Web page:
Bevy Goods

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Cara Soulia // Cara Soulia Photography

Cara Soulia // Cara Soulia Photography

This woman here is amazing. I first met Cara in college years ago, when she lived down the hall and sang in an a cappella group with one of my best friends. I won’t tell you how many years because then you’ll do the math.

Not only is she a friend, but she is an incredibly talented photographer. Cara has taken photos for our family (and immediately put my boys at ease and got them laughing), but all of our BEVY professional photos come from her. (See the behind the scenes here.) Boston area folks, I can’t recommend Cara Soulia Photography enough.

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Tell us about your journey to start Cara Soulia Photography.

After graduating college with degrees in Math and Economics, I spent 15 years working in the finance industry.  I had a challenging, stable career, but I could never shake the sense that I was put on this earth to do something very different.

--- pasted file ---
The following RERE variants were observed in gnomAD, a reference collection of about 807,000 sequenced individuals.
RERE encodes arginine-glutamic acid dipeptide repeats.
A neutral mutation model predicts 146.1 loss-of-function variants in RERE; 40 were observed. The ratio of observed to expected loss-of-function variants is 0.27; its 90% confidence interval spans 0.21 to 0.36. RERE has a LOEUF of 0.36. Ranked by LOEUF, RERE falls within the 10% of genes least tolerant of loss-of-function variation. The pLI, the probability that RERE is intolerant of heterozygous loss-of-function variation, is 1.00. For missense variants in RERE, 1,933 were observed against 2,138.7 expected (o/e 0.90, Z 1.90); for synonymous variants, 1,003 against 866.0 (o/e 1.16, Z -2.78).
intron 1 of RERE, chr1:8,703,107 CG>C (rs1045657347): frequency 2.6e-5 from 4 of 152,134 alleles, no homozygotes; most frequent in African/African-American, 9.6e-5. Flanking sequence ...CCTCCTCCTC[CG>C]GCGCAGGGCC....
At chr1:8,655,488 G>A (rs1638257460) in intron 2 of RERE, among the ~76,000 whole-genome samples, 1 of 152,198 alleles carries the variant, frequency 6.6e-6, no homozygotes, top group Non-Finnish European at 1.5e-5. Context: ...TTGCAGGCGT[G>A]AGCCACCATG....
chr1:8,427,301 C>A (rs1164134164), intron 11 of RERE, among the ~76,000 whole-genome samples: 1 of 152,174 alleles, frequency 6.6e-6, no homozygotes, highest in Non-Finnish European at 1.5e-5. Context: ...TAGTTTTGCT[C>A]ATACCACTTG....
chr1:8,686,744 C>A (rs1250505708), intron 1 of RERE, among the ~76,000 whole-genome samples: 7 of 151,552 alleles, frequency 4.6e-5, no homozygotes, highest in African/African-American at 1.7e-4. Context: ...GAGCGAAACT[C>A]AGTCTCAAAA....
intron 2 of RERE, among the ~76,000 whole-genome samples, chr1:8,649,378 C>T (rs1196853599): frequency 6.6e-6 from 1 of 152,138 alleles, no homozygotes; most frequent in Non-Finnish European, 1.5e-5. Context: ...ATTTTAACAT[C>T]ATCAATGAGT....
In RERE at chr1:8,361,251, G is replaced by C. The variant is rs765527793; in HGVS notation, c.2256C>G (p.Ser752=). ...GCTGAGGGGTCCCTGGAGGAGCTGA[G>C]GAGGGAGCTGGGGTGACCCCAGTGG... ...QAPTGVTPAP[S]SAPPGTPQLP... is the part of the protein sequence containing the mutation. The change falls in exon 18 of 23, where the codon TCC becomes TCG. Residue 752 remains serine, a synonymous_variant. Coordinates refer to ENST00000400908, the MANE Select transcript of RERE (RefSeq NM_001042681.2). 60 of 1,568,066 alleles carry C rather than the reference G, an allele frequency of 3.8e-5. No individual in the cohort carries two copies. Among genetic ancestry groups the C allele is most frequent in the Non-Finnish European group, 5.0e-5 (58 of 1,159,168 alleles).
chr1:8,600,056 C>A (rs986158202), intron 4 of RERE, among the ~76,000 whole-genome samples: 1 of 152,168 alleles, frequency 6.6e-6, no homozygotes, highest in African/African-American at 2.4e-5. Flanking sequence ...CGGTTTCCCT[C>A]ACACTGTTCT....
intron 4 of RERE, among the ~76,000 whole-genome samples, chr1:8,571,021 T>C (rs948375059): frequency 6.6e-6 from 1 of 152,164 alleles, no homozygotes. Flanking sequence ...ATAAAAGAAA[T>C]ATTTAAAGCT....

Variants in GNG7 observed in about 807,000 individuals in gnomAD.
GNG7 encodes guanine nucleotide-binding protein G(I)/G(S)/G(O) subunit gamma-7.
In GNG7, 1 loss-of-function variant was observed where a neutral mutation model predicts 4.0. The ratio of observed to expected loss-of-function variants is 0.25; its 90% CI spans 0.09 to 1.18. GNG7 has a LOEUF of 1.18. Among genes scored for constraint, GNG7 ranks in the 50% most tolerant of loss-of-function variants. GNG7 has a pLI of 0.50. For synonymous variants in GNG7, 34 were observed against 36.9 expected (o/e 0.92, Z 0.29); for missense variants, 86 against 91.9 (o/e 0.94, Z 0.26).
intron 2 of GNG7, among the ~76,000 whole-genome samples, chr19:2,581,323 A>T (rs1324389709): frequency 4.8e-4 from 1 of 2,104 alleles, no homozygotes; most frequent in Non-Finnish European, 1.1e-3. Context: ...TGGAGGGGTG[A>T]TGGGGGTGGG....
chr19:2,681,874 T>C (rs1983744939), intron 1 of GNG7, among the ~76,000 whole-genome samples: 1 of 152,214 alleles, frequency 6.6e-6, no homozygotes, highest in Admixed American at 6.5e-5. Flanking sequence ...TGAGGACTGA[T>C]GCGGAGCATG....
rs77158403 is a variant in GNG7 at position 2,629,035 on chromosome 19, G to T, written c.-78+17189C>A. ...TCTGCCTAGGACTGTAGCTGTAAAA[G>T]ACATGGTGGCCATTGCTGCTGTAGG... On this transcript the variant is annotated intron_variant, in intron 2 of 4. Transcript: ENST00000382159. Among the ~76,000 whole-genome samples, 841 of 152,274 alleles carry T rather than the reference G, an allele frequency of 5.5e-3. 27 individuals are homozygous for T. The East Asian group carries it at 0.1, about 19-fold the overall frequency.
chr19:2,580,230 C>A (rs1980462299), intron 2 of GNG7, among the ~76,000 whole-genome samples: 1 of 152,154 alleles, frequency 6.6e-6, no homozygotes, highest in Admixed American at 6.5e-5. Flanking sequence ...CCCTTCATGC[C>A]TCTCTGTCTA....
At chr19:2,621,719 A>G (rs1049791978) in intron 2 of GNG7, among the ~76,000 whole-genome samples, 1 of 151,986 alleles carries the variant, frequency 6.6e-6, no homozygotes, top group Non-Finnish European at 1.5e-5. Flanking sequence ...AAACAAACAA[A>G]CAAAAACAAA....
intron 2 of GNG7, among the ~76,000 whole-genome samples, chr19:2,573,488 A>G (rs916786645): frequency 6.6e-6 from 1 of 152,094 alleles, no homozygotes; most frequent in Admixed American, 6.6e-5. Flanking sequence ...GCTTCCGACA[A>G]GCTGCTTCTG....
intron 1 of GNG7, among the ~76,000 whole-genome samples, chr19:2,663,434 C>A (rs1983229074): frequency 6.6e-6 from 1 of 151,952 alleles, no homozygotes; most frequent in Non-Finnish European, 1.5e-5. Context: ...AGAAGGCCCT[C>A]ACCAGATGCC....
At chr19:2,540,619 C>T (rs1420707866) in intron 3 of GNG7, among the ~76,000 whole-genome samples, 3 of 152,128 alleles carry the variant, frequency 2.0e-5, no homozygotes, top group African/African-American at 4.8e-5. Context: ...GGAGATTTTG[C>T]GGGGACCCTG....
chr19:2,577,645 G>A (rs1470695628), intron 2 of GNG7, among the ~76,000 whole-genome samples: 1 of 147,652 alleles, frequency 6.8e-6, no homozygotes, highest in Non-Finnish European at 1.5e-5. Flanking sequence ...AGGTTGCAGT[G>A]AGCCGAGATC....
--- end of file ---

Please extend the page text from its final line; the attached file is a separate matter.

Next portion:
It wasn’t clear at first that I wanted to be a photographer.  I’ve always loved taking pictures, but I wasn’t very good at it.  One day, I decided to start a project 365  (take a photo every day for a year) so I could better learn to use my camera.  Within the first couple of weeks I found I couldn’t stop thinking about photography. I began carrying my camera with me everywhere and practiced constantly. I took a class at New England School of Photography in Boston and during the very first session I remember being so captivated by the instructor– I had goose bumps all over. It was a pivotal moment in my life — I just knew right then I was going to be a photographer.

I started offering some portfolio building sessions to local moms, and it quickly became clear to me that photography was something I wanted to pursue as a business.  For four years I took classes and worked tirelessly on my photo business at night and on weekends while continuing to work at my corporate job during the day.  Then in 2015, after the birth of my third child, I decided it was time to make the leap to running my photography business full time.  It was terrifying and exhilarating all at once.  And I wouldn’t change a thing.

What have been the biggest hurdles and joys?